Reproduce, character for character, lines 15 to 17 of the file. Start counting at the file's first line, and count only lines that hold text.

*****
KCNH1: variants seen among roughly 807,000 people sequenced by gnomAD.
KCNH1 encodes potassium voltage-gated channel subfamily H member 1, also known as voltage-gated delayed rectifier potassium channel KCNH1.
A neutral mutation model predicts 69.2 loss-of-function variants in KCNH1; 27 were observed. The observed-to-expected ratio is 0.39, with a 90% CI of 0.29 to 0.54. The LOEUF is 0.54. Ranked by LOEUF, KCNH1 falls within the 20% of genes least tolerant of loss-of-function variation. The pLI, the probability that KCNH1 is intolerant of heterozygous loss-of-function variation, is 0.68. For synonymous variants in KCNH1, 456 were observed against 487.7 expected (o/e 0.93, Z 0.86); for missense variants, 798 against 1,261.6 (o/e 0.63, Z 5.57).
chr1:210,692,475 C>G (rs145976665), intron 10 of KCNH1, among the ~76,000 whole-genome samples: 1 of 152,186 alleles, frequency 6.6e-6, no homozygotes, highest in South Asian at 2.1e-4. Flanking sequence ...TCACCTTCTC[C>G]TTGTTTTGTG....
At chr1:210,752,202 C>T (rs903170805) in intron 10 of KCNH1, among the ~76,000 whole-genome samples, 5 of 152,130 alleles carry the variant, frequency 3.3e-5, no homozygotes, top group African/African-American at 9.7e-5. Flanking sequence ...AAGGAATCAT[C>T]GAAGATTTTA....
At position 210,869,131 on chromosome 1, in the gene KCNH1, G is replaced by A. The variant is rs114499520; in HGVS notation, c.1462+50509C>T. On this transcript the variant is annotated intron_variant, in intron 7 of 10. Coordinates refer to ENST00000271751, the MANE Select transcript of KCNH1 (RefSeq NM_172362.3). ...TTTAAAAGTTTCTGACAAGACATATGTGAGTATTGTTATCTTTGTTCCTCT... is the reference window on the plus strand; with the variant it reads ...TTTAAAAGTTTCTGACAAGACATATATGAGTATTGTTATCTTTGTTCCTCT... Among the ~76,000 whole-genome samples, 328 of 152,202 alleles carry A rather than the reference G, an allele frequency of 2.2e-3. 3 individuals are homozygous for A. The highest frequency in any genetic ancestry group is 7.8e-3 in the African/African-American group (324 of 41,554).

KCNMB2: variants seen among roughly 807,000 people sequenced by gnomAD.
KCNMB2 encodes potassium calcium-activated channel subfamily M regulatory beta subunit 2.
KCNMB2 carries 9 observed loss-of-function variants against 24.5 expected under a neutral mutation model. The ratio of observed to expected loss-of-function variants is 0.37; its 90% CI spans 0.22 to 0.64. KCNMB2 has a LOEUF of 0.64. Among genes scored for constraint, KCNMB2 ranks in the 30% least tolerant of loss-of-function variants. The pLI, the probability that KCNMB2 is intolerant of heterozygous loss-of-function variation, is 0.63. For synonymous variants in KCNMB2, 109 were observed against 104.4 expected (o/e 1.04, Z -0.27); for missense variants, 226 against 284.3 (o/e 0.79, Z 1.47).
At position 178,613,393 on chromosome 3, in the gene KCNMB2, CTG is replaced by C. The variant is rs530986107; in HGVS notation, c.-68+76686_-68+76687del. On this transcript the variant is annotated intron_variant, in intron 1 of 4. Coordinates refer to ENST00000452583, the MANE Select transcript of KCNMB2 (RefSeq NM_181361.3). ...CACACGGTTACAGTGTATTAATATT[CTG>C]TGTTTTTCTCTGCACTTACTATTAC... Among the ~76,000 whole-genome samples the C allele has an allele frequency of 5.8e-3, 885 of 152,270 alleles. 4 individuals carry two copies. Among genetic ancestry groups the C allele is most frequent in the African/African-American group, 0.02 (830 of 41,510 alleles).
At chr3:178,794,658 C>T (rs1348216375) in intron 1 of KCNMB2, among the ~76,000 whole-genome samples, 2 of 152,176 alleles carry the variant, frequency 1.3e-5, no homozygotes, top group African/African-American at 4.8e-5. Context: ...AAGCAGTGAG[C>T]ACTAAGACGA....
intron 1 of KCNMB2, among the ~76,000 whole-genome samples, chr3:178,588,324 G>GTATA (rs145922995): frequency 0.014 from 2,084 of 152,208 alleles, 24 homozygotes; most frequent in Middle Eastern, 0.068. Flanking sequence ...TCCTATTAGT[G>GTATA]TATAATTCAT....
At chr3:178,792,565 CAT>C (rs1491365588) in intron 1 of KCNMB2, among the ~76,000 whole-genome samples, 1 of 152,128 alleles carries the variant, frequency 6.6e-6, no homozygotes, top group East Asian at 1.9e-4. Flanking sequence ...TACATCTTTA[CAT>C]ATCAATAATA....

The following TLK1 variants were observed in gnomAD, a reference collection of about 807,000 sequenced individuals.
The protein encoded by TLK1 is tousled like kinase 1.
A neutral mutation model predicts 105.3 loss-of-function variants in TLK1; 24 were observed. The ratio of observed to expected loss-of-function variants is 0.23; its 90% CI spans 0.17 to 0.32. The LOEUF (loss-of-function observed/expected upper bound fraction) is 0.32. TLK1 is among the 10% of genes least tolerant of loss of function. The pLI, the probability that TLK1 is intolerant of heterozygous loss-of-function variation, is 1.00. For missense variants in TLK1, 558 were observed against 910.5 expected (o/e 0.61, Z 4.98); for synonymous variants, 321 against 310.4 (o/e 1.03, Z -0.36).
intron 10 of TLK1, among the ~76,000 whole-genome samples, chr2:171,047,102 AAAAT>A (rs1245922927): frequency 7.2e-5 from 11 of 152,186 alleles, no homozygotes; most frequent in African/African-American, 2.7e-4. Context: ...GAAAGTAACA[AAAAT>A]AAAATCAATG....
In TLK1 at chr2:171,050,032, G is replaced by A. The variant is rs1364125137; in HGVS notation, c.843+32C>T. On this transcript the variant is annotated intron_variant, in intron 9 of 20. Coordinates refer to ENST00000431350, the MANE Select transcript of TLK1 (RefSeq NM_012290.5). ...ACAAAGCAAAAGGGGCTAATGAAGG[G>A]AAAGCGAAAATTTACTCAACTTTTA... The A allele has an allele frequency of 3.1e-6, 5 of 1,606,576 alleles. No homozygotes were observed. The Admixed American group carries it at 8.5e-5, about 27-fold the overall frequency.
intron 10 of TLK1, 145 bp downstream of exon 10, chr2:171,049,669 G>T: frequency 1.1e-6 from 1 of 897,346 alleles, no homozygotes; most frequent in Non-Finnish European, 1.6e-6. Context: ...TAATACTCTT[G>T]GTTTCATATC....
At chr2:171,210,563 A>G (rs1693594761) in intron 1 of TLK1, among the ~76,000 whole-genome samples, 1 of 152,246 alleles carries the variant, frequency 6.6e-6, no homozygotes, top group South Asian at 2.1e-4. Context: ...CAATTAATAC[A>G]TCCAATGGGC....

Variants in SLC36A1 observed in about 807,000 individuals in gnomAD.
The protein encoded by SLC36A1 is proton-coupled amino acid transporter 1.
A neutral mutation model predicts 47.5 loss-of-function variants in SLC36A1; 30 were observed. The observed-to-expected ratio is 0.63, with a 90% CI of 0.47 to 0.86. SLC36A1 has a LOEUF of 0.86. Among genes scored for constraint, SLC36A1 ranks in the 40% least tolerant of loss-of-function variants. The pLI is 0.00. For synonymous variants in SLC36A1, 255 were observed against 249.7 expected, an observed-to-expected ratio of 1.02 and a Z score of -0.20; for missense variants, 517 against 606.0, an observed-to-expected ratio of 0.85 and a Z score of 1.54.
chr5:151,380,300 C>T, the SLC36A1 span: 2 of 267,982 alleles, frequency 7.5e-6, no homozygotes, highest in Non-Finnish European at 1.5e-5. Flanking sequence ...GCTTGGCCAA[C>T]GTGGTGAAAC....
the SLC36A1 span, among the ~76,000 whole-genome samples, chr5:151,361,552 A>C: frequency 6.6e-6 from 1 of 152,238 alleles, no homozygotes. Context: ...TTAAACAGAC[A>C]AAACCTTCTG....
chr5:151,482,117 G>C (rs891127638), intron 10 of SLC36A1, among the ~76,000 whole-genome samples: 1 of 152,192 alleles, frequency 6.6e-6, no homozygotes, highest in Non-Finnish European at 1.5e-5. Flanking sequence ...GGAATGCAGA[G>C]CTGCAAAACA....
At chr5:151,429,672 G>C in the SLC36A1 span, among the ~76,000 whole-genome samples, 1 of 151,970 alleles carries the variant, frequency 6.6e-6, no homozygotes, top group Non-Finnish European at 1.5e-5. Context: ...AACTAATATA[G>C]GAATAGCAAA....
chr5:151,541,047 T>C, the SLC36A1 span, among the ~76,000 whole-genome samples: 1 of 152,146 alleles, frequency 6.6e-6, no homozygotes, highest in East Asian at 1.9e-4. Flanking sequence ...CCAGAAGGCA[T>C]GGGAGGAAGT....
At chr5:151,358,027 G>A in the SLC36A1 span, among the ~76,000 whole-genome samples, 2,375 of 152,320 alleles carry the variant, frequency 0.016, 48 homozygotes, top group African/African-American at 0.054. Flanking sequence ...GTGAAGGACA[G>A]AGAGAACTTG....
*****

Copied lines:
The protein encoded by TLK1 is tousled like kinase 1.
A neutral mutation model predicts 105.3 loss-of-function variants in TLK1; 24 were observed. The ratio of observed to expected loss-of-function variants is 0.23; its 90% CI spans 0.17 to 0.32. The LOEUF (loss-of-function observed/expected upper bound fraction) is 0.32. TLK1 is among the 10% of genes least tolerant of loss of function. The pLI, the probability that TLK1 is intolerant of heterozygous loss-of-function variation, is 1.00. For missense variants in TLK1, 558 were observed against 910.5 expected (o/e 0.61, Z 4.98); for synonymous variants, 321 against 310.4 (o/e 1.03, Z -0.36).
intron 10 of TLK1, among the ~76,000 whole-genome samples, chr2:171,047,102 AAAAT>A (rs1245922927): frequency 7.2e-5 from 11 of 152,186 alleles, no homozygotes; most frequent in African/African-American, 2.7e-4. Context: ...GAAAGTAACA[AAAAT>A]AAAATCAATG....